Explanatory Memorandum(Circulated by authority of the Treasurer, the Hon Peter Costello, MP)
Chapter 14 - Regulation impact statement
14.1 The consolidation measure in this bill, which deals with the consolidated income tax treatment of wholly-owned groups as single entities, is part of the Governments broad ranging reforms which will give Australia a New Business Tax System. The reforms are based on the recommendations of the Review of Business Taxation, instituted by the Government to consider reform of Australias business tax system.
14.2 Currently, the income tax system treats each company in a wholly-owned group as a separate entity (subject to certain grouping provisions). Taxing member entities separately means that each entity must separately account for all intra-group transactions as well as debt and equity interests. For business, this imposes extra compliance costs and sometimes stands in the way of the most efficient business structures. From the communitys perspective, the existing grouping provisions for wholly-owned groups provide opportunities for tax avoidance through artificial arrangements.
14.3 This bill is part of the legislative program implementing the New Business Tax System. Other bills have been introduced and passed already.
14.4 Broadly, the New Business Tax System will enhance Australias competitiveness through lower company and capital gains tax rates, and reduced compliance costs.
14.5 Consolidation is expected to address both efficiency and integrity problems existing in the taxation of wholly-owned entity groups, many of which arise from this inconsistent treatment. These include:
- compliance and general tax costs;
- double taxation where gains are taxed when realised and then taxed again on the disposal of equity;
- tax avoidance through intra-group dealings;
- loss cascading by the creation of multiple tax losses from the one economic loss; and
- value shifting to create artificial losses where there is no actual economic loss.
14.6 The object of consolidation is to improve efficiency and reduce compliance costs by providing a business environment in which some highly complex business structures are no longer seen as necessary.
14.7 The consolidation regime is expected to:
- assist in the simplification of the tax system;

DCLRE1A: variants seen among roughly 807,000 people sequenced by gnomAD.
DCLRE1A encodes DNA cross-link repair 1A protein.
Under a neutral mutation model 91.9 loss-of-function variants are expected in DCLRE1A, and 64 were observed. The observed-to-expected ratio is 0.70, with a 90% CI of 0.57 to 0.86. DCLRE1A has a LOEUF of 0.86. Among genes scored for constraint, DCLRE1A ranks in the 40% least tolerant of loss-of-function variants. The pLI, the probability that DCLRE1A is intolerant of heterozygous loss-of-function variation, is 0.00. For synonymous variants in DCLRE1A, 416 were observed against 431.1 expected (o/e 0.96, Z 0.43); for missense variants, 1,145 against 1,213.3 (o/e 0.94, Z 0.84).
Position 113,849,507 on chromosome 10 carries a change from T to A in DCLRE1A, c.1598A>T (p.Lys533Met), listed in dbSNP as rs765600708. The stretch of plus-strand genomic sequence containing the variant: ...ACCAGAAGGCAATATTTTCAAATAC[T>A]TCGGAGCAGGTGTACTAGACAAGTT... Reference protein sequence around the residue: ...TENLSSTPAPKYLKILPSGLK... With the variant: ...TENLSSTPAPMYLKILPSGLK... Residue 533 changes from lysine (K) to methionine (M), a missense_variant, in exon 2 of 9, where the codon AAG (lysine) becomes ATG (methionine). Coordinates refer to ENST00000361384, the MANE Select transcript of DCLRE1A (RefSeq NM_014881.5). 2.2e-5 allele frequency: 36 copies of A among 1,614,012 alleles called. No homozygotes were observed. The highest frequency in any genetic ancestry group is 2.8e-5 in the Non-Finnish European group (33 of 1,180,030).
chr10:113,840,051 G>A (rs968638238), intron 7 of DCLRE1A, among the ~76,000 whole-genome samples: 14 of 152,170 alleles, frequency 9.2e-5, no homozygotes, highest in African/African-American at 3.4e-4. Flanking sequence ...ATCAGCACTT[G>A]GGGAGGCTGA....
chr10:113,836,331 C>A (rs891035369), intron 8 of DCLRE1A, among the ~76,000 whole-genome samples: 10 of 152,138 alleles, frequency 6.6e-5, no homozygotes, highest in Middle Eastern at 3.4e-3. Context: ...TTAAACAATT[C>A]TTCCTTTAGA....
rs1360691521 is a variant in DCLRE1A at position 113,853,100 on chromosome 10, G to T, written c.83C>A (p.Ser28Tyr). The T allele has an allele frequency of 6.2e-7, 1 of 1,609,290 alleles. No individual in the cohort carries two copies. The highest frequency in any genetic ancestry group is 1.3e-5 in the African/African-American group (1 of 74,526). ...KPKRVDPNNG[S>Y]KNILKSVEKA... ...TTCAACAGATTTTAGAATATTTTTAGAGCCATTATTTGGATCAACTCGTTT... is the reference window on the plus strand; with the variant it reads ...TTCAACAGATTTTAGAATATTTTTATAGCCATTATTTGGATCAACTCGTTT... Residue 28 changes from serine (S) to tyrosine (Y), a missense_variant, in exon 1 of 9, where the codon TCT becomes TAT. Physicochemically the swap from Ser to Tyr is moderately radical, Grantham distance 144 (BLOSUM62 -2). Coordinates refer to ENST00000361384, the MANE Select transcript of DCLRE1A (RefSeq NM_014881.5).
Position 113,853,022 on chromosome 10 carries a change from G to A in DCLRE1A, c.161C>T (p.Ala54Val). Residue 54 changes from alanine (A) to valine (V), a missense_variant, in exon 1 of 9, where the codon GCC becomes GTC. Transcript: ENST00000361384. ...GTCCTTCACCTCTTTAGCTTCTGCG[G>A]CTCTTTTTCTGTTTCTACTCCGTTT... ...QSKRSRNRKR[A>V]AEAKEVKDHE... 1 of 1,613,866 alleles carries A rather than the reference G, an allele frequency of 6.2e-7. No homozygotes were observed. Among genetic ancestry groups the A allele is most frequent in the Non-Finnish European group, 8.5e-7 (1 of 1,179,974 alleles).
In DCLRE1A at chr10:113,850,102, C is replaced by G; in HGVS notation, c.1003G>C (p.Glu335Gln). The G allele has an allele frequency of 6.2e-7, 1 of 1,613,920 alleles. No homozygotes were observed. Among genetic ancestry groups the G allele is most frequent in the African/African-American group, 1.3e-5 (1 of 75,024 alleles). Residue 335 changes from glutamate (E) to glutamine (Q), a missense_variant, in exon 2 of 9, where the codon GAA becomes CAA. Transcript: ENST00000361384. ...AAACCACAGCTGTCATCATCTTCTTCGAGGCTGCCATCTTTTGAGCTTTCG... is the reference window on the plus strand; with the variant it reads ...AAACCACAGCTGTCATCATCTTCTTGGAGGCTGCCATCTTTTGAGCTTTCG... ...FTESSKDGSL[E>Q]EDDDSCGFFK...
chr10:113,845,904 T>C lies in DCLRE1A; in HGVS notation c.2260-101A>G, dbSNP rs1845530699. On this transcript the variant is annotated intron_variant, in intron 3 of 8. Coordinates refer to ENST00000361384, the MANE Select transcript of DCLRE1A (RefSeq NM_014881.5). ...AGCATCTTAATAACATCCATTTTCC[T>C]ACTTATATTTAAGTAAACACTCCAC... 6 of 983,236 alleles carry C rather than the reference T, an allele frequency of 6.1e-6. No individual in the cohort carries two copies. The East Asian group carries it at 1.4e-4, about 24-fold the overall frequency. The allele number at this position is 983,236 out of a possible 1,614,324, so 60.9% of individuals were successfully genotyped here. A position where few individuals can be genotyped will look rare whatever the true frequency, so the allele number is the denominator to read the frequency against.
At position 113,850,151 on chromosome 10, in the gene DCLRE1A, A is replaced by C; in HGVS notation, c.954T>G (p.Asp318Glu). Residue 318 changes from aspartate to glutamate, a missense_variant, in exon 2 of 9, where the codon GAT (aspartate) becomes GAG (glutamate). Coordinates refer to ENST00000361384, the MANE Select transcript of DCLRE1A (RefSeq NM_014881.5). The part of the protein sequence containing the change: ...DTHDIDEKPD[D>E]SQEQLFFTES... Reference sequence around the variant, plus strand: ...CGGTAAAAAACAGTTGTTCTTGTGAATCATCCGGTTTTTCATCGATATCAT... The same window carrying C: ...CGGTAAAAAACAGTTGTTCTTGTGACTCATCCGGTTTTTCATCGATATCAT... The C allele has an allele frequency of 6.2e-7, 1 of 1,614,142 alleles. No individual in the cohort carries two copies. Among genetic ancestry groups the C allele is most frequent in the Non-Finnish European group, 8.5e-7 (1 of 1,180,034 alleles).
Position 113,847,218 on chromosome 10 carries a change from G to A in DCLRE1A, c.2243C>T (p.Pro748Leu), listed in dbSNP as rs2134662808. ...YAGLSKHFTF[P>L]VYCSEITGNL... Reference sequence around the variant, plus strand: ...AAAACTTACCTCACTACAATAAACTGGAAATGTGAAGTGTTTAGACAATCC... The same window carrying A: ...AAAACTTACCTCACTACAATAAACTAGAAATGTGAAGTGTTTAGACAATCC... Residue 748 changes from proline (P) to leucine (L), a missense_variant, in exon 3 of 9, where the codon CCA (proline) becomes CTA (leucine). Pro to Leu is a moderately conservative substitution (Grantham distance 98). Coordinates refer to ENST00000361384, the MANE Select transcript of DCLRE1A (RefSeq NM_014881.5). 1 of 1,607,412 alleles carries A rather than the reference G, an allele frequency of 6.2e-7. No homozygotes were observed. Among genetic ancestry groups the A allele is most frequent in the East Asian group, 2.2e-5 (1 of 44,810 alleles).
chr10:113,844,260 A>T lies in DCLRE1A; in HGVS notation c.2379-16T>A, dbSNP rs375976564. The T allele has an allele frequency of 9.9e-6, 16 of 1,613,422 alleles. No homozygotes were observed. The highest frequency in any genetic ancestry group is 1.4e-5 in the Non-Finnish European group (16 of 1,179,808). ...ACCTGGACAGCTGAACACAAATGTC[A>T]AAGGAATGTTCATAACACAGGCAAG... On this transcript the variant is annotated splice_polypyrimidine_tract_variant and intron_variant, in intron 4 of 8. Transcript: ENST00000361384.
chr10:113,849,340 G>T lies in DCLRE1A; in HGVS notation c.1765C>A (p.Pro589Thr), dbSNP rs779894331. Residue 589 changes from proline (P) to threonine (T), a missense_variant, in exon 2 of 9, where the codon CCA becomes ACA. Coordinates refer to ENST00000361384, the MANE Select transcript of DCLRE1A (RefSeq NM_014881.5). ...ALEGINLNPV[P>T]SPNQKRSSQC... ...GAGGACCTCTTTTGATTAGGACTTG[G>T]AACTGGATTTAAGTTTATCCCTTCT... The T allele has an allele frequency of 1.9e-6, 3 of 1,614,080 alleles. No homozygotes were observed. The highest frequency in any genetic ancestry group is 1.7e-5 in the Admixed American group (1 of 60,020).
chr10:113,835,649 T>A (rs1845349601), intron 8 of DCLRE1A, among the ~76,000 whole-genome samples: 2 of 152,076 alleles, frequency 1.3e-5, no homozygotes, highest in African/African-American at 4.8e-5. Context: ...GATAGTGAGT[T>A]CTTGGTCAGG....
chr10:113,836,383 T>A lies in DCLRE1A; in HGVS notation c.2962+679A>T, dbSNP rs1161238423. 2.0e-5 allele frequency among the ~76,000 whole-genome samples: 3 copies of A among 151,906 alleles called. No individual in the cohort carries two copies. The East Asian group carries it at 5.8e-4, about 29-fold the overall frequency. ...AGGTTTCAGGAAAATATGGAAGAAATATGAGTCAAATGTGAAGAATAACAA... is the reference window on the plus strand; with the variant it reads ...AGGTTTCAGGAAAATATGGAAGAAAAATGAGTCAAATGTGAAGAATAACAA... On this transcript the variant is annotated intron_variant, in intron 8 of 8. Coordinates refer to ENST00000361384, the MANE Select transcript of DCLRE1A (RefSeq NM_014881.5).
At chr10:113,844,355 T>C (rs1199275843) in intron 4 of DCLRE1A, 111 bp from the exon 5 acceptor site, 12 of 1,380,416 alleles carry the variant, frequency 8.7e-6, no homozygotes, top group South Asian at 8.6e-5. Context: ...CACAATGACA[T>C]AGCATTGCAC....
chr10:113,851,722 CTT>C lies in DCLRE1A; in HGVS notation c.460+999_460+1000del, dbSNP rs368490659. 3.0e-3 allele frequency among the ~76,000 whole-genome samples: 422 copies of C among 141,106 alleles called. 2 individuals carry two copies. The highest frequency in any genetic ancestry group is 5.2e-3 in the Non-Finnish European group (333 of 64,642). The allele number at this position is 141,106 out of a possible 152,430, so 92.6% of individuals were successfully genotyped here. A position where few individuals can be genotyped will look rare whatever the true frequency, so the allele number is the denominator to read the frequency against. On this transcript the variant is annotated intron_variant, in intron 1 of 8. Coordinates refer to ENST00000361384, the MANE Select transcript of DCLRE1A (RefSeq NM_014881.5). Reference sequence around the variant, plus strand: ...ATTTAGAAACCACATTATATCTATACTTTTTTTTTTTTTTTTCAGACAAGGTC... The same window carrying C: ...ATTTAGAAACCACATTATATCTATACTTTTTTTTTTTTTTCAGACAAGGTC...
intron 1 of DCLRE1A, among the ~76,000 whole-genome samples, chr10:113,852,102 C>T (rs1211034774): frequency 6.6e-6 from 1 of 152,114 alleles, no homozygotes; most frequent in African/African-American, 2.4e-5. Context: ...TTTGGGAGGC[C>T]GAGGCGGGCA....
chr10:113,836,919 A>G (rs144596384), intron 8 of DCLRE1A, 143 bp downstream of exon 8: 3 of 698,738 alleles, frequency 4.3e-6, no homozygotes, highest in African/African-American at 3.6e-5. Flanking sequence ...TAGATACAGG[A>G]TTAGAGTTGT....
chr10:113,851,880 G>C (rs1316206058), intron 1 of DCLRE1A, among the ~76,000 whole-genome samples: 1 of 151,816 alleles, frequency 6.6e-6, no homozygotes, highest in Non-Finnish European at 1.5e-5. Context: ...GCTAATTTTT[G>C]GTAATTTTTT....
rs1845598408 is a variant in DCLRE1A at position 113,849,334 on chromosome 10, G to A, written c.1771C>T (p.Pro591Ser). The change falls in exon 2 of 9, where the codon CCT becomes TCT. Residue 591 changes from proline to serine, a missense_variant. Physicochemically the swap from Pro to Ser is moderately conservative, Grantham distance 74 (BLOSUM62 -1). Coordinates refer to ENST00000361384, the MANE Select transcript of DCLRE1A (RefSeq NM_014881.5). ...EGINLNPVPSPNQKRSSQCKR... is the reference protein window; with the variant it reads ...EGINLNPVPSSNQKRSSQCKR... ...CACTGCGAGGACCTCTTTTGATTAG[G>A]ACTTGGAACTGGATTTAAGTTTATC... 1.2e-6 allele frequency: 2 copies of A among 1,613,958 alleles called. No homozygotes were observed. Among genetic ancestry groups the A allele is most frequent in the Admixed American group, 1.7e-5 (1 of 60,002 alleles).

- reduce both compliance costs and ATO administration costs associated with the existing tax treatment of company groups;
- improve the efficiency of business restructuring; and
- strengthen the integrity of the income tax system.
14.8 These problems will be addressed by ceasing to recognise multiple layers of ownership within a wholly-owned group and by treating the group as a single entity for income tax purposes.
14.9 It is intended that the benefits to be achieved by consolidation as described above should therefore encourage wholly-owned groups to adopt the new regime. Wholly-owned groups that choose to remain outside consolidation will lose entitlement to the existing grouping rules which currently provide some of the benefits intended to be replaced by consolidation.
14.10 The major measures in this bill arise directly from recommendations of the Review of Business Taxation. Those recommendations were the subject of extensive consultation. The implementation options for these measures can be found in A Platform for Consultation and A Tax System Redesigned . Table 14.1 shows where the measures (or the principles underlying them) are discussed in those publications.
|Measure||A Platform for Consultation||A Tax System Redesigned|
|Consolidation||Chapters 25 to 27, pp. 529-590.||Recommendations 15.1 to 15.5, pp. 517-529.|
14.11 These implementation options discussed in A Platform for Consultation and A Tax System Redesigned have only been subsequently modified where required to reflect changed circumstances. Table 14.2 lists variations from the recommendations of the original review. Most of these variations were exposed in the December 2000 and February 2002 exposure drafts.
|Approach reflected in this bill||Reason for the approach|
|Discretionary trusts and hybrid trusts are allowed to be members of a consolidated group if they are effectively wholly-owned by the head company.||This new test avoids introducing unnecessary complexity into the regime.|
|The rate at which transferred losses can be used by a group is restricted to approximate the rate at which the losses would have been used had the entity transferring the losses not joined the group. The new method by which this is achieved departs from Recommendation 15.3 of A Tax System Redesigned .||This new method was developed in consultation with interested taxpayers and their advisers after earlier consultations concluded that the method contained in Recommendation 15.3 of A Tax System Redesigned would be inequitable in certain circumstances.|
|A concessional method for the use of transferred losses has been developed to apply to certain losses transferred to a group that consolidates during the transitional period.||This change was necessary in recognition of the departure from Recommendation 15.3 of A Tax System Redesigned .|